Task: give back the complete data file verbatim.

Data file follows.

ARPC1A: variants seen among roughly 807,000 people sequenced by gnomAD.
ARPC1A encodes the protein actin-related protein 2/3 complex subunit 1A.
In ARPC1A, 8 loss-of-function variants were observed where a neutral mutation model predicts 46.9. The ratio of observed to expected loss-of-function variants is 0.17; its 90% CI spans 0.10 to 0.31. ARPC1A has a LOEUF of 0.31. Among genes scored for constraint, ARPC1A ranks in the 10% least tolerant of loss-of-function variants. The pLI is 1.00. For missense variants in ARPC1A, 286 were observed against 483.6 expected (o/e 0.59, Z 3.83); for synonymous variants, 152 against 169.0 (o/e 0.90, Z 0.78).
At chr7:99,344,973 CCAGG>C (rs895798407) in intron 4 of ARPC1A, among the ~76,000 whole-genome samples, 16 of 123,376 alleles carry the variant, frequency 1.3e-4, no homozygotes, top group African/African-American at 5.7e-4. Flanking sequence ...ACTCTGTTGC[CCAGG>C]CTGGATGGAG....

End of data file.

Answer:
ARPC1A: variants seen among roughly 807,000 people sequenced by gnomAD.
ARPC1A encodes the protein actin-related protein 2/3 complex subunit 1A.
In ARPC1A, 8 loss-of-function variants were observed where a neutral mutation model predicts 46.9. The ratio of observed to expected loss-of-function variants is 0.17; its 90% CI spans 0.10 to 0.31. ARPC1A has a LOEUF of 0.31. Among genes scored for constraint, ARPC1A ranks in the 10% least tolerant of loss-of-function variants. The pLI is 1.00. For missense variants in ARPC1A, 286 were observed against 483.6 expected (o/e 0.59, Z 3.83); for synonymous variants, 152 against 169.0 (o/e 0.90, Z 0.78).
At chr7:99,344,973 CCAGG>C (rs895798407) in intron 4 of ARPC1A, among the ~76,000 whole-genome samples, 16 of 123,376 alleles carry the variant, frequency 1.3e-4, no homozygotes, top group African/African-American at 5.7e-4. Flanking sequence ...ACTCTGTTGC[CCAGG>C]CTGGATGGAG....